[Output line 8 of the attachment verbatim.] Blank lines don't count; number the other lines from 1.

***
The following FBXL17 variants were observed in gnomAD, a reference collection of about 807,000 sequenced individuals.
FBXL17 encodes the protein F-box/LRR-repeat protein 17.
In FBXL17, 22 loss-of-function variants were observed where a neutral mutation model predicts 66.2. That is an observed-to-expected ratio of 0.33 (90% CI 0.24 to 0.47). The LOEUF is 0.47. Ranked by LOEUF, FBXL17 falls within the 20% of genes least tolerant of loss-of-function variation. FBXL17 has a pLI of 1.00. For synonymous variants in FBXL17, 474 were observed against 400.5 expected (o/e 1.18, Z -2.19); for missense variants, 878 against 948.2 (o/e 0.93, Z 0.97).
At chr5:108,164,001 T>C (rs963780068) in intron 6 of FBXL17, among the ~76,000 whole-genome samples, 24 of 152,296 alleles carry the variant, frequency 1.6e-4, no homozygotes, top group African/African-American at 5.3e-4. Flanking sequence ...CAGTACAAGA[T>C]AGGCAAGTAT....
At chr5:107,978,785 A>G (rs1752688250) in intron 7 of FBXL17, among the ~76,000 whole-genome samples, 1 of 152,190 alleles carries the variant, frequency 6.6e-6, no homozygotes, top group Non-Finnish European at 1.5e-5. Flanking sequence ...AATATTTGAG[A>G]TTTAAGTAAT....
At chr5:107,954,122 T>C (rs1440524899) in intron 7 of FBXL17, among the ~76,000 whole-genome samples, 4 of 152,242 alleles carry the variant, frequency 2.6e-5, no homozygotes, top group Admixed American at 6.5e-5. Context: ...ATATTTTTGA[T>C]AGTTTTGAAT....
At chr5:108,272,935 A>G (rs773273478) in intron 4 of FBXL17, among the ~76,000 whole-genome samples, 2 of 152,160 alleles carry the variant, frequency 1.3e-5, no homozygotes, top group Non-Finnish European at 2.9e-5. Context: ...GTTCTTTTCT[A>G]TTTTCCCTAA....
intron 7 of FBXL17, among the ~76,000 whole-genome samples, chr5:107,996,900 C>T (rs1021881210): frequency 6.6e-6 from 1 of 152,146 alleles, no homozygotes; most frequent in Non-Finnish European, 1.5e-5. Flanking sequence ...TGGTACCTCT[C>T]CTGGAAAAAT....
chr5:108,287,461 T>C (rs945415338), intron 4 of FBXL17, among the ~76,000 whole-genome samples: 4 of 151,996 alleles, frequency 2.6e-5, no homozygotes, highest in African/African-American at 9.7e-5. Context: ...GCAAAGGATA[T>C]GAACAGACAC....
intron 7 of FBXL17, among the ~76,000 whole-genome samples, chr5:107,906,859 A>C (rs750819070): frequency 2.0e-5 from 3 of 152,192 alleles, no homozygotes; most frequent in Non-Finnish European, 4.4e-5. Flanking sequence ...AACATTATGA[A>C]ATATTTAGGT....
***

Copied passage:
intron 7 of FBXL17, among the ~76,000 whole-genome samples, chr5:107,996,900 C>T (rs1021881210): frequency 6.6e-6 from 1 of 152,146 alleles, no homozygotes; most frequent in Non-Finnish European, 1.5e-5. Flanking sequence ...TGGTACCTCT[C>T]CTGGAAAAAT....